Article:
Sensory Qualities by Austen ClarkSensory Qualities by Austen Clark

Sensory Qualities

byAusten Clark

Paperback | April 30, 1999

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Many philosophers doubt that one can provide any successful explanation of sensory qualities - of how things look, feel, or seem to a perceiving subject. To provide such an explanation, one would need to explain qualitative facts in non-qualitative terms. Attempts to construct suchexplanations have seemed, in principle, doomed. Austen Clark examines the strategy used in psychophysics, psychometrics, and sensory neurophysiology to explain qualitative facts. He argues that this strategy could succeed: its structure is sound, and it can answer the various philosophical objections lodged against it. On this basis ProfessorClark presents an analysis of senosry qualities that offers the possibility of explaining at least some qualia, and he sketches how this scheme might eventually reduce to neurophysiology. If he is correct, we are not doomed to an eternity of mere acquaintance with our qualia.
Austen Clark is Professor of Philosophy at the University of Connecticut. He is the author of Psychological Models and Neural Mechanisms: An Examination of Reductionism in Psychology (Clarendon Library of Logic and Philosophy, 1980).
Title:Sensory QualitiesFormat:PaperbackDimensions:264 pages, 8.5 × 5.43 × 0.67 inPublished:April 30, 1999Publisher:Oxford University Press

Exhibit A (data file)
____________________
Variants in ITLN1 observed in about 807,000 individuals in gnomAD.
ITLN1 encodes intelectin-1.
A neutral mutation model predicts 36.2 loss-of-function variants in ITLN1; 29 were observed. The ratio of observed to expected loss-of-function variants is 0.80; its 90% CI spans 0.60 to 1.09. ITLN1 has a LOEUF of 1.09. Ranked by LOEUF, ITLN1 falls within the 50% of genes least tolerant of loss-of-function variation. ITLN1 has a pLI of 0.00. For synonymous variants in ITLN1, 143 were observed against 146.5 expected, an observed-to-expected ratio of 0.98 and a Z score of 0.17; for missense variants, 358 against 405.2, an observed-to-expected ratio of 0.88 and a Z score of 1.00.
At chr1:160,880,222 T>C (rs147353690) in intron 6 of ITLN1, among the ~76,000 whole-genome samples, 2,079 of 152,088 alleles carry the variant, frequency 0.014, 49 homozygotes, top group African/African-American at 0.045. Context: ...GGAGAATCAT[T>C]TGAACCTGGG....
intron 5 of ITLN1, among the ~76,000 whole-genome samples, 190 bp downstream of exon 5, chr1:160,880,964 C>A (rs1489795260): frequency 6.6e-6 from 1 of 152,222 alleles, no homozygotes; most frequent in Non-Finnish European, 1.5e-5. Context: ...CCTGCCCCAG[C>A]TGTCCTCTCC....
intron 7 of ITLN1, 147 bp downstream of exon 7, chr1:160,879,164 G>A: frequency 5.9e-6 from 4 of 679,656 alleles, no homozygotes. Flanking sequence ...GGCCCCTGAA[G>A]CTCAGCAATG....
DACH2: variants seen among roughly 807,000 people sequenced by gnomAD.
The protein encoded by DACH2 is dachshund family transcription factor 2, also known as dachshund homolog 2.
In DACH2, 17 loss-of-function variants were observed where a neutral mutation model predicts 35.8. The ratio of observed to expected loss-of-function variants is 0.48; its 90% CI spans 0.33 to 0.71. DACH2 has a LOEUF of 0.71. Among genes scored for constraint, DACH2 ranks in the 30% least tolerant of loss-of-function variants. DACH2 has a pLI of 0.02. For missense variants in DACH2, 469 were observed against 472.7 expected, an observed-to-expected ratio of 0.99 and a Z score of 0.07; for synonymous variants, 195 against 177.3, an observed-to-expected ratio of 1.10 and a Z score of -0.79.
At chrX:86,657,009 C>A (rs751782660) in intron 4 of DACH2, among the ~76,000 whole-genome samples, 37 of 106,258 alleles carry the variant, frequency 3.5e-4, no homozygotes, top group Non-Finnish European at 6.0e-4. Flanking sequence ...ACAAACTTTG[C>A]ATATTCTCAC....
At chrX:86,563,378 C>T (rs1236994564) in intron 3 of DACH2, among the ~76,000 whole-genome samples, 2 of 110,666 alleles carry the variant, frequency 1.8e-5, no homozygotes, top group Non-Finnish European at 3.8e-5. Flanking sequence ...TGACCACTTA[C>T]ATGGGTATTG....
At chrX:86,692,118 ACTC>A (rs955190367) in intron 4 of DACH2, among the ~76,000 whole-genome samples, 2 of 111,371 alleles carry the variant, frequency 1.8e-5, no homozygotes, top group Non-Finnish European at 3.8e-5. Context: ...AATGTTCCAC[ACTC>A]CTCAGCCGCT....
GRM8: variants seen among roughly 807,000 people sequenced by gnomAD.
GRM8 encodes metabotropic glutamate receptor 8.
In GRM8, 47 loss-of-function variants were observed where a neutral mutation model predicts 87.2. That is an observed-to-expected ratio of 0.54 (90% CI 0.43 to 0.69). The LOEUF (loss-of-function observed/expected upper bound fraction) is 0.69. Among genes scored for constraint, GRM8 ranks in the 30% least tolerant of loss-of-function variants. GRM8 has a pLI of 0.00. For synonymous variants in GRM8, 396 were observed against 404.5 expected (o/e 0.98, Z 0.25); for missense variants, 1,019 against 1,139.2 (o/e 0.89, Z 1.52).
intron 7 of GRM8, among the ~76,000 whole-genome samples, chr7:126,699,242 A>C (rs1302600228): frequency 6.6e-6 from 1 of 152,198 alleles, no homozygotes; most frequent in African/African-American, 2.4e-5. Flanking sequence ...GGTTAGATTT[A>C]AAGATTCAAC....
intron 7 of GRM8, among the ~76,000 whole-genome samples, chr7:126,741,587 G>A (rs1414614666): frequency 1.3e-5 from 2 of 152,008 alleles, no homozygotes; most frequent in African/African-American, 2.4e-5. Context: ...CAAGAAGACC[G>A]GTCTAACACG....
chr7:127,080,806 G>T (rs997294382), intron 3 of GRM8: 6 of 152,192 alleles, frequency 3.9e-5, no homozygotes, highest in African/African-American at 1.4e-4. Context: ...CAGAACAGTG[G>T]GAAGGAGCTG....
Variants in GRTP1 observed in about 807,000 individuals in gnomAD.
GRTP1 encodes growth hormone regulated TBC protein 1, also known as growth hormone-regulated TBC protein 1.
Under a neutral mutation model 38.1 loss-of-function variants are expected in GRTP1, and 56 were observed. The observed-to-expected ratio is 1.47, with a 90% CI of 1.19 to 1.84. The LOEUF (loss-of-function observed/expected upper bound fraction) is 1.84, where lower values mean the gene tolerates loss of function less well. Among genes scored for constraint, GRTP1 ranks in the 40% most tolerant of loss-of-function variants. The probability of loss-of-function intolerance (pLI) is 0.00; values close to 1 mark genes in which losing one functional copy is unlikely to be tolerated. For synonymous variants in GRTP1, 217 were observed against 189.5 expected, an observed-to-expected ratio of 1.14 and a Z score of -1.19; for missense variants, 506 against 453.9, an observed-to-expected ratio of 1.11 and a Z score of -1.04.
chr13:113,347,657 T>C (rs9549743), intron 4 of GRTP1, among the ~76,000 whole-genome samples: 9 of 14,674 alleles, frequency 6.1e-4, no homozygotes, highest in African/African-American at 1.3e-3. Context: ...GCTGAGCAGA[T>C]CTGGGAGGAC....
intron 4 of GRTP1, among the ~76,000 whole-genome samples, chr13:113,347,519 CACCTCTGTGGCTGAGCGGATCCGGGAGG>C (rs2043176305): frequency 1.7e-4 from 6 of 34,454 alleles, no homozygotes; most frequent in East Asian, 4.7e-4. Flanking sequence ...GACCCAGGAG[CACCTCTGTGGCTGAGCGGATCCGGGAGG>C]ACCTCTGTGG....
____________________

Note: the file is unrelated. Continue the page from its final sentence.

The following ISBNs are associated with this title:

ISBN - 10:0198236808

ISBN - 13:9780198236801

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Table of Contents

Introduction1. Explaining Looks2. Matching and Qualitative Identity3. Quality Space4. Different Modalities5. Defining and Identifying Qualities6. Summary and ConclusionAppendix; Multidimensional ScalingReferences, Index

Editorial Reviews

`Sensory Qualities is a clearly written, informative, and stimulating book ... contains clear accounts of interesting results in the psychophysics and neurophysiology of taste, smell and sound, and an appendix that explains the techniques of multidimensional scaling. Its major contribution... is to have presented a fruitful and interesting way to think about the qualitative character of experience. It may not change minds about the standard arguments against physicalistic theories of qualia, but, in my view, it should.'MIND